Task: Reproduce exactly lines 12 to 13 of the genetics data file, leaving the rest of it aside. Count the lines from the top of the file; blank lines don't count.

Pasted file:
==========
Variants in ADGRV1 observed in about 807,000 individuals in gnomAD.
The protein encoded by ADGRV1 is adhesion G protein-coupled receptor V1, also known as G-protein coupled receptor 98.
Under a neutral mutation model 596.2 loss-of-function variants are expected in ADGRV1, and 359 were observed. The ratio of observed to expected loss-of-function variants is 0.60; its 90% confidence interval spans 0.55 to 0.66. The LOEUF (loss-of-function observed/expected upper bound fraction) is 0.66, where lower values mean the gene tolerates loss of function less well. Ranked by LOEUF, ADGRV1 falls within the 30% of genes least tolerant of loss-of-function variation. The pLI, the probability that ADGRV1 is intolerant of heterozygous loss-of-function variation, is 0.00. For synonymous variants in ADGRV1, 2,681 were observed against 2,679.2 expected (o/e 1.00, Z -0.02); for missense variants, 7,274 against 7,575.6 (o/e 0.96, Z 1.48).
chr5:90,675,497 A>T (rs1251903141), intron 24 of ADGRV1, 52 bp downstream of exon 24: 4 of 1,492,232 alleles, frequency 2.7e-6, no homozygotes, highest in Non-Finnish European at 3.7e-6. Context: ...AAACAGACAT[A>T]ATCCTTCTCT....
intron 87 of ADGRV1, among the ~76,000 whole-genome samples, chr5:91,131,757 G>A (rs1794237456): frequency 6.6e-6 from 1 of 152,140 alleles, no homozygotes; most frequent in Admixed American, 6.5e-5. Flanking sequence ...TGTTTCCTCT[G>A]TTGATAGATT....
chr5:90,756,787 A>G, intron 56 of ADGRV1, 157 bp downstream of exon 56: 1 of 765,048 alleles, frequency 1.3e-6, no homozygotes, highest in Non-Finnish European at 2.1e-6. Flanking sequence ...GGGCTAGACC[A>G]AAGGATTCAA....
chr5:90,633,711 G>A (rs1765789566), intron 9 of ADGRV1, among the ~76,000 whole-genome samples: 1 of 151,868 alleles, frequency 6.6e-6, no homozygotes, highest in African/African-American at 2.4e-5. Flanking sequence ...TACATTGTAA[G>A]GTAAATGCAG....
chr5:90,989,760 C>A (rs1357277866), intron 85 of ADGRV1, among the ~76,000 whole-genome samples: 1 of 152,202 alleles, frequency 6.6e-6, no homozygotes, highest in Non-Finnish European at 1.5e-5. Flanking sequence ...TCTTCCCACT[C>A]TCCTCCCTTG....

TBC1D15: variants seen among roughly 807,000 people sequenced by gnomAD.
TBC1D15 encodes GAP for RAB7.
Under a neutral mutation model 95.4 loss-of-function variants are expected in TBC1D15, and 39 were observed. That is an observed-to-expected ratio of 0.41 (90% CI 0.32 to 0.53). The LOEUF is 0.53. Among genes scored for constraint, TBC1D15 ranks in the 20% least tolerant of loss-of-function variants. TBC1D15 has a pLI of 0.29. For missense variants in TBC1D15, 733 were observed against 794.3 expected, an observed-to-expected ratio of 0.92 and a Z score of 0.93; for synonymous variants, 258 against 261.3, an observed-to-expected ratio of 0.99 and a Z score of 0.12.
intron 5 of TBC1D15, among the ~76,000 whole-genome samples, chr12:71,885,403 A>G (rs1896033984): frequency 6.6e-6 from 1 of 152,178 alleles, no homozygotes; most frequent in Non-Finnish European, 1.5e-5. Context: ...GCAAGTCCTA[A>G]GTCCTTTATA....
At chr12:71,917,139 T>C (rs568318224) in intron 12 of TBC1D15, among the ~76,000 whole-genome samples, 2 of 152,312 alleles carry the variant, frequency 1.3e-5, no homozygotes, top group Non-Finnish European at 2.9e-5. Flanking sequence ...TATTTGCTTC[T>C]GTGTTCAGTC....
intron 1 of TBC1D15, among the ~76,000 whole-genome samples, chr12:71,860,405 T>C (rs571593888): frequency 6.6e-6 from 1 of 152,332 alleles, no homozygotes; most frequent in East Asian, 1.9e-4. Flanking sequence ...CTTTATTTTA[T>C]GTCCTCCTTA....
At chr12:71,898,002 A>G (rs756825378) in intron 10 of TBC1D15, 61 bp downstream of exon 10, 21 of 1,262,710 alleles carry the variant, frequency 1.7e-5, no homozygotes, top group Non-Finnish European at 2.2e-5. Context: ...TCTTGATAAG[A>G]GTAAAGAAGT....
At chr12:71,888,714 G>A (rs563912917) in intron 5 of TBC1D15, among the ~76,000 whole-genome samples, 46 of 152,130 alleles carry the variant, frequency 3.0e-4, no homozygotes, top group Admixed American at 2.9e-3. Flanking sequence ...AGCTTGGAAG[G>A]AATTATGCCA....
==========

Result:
intron 5 of TBC1D15, among the ~76,000 whole-genome samples, chr12:71,885,403 A>G (rs1896033984): frequency 6.6e-6 from 1 of 152,178 alleles, no homozygotes; most frequent in Non-Finnish European, 1.5e-5. Context: ...GCAAGTCCTA[A>G]GTCCTTTATA....
At chr12:71,917,139 T>C (rs568318224) in intron 12 of TBC1D15, among the ~76,000 whole-genome samples, 2 of 152,312 alleles carry the variant, frequency 1.3e-5, no homozygotes, top group Non-Finnish European at 2.9e-5. Flanking sequence ...TATTTGCTTC[T>C]GTGTTCAGTC....